20.4 Persons and their identity
The system of discrete degrees that comes from an analysis of theism suggests
a possible solution to the problem of continued personal identity. In Section
6.5 we saw that, within an ontology of multiple generative
levels, there was a sense in which the continued identity of a person could be attributed
to some prior degree, especially if this prior degree were relatively unchanging.
So, if the prior degree were strictly unchanging during a person’s lifetime, then
we would have a means of identifying our personal identity both during our growth
and changes in this life and possibly also after the death of our physical bodies.
There would then be a core in us that would be the basis of our continued existence,
and that could said to be our ‘true self’.
This core, according to our basic theism, is our most fundamental love. For God
this core is the divine love. That is clearly his core and the basis of his continued
divine identity. For us, it is the love that is the most prior generative degree
that can be said to be ‘us’ rather than ‘someone else’. That love is the most constant
underlying disposition in our life. It is like Plato’s ‘self-moving
soul.’20.3Let us call this most constant underlying disposition our principal love. Because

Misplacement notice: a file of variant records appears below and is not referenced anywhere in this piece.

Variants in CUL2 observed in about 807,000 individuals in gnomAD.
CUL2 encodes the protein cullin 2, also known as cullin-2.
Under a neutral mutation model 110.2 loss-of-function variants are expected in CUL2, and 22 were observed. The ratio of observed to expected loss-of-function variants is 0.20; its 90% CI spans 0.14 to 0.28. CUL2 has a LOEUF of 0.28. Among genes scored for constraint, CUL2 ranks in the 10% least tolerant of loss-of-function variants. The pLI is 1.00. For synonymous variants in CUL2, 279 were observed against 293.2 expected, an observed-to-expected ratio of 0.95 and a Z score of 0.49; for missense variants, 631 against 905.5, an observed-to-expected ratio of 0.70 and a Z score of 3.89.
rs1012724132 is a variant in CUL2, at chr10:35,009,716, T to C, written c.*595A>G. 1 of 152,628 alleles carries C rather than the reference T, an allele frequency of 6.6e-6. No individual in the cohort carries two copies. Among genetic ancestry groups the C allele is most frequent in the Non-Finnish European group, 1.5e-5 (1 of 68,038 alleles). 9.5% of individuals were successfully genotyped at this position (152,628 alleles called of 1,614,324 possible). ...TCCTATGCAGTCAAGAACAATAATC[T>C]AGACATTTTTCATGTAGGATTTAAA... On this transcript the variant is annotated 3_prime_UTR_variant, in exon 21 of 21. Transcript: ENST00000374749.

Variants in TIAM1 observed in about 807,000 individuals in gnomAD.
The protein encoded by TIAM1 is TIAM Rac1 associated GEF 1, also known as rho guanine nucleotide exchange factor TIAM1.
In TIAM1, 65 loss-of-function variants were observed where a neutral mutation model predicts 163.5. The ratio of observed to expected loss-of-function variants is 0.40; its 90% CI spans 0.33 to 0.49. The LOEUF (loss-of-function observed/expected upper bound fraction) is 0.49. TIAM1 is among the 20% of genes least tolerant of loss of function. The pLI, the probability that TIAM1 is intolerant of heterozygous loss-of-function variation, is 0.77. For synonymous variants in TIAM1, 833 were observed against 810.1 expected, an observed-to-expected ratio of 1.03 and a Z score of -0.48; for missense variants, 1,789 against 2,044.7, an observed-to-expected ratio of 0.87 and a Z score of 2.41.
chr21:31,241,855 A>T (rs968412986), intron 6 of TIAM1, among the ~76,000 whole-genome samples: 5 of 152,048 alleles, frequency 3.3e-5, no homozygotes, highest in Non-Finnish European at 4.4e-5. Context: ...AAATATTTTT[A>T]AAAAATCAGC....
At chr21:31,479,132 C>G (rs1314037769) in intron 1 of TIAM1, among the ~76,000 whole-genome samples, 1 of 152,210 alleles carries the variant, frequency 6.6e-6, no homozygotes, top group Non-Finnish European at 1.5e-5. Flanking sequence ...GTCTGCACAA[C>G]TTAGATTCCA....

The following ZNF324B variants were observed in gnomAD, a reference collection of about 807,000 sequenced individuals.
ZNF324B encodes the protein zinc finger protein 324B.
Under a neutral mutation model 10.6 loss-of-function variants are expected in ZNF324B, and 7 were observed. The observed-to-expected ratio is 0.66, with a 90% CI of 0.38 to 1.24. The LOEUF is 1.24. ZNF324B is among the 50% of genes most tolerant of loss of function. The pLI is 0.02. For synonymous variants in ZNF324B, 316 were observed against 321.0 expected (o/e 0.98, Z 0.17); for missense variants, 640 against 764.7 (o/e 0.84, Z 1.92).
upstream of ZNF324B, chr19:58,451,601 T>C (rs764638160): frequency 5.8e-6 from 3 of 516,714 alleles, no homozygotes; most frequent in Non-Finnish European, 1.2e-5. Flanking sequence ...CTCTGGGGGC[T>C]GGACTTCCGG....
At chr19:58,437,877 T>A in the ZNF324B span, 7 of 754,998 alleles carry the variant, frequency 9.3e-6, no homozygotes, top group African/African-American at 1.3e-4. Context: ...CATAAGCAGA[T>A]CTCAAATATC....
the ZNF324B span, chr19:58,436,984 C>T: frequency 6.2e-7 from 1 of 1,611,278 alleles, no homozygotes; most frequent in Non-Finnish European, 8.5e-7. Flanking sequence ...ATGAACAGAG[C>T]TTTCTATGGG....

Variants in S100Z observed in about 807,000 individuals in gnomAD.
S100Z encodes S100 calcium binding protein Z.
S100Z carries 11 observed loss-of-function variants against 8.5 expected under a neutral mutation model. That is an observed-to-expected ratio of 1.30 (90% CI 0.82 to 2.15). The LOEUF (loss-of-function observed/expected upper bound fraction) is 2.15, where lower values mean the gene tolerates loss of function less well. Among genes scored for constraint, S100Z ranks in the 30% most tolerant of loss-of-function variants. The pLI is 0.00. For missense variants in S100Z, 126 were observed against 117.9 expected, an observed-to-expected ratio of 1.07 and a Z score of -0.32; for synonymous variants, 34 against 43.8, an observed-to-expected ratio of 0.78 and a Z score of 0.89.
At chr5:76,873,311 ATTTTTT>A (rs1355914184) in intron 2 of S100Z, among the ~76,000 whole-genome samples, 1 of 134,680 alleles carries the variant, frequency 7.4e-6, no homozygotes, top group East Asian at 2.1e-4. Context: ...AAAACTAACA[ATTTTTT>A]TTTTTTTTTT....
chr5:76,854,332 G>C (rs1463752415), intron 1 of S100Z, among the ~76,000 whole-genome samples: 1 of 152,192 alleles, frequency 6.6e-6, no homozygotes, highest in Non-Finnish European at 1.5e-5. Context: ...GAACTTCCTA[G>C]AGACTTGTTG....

the principal love produces our life, it is recognizable by its effect of producing
a ‘theme of our life’. We agree with Hume that this identity is not immediately
apparent to our introspection, but that does not make it any less real. Along with
dispositions in general, our principal love can be tested by examining skills, character,
and performances when there are few or no external constraints, by examining affections
in action and in the voice, and so on. Just as physicists test dispositions by experiments
and not by mere inspection, so our own identities could be inferred by examining
all our characteristic actions more easily than by introspection.
This concept of personal identity as principal love would be most useful to psychology
and theology if that love were completely unchanged during our lifetime: from birth
to death and even after bodily death. This would require it to keep all the same
intrinsic properties even though its effects and relations may vary. Its relation
to us will certainly vary as we grow up and later die. It would also be most useful
if we could assume that no two people had the same principal love. Then we could
be sure not to confuse any two people. Theistic religions claim that we have some
kind of continued identity that survives bodily death. I offer the concept of principal
love as a candidate for the needed kind of identity.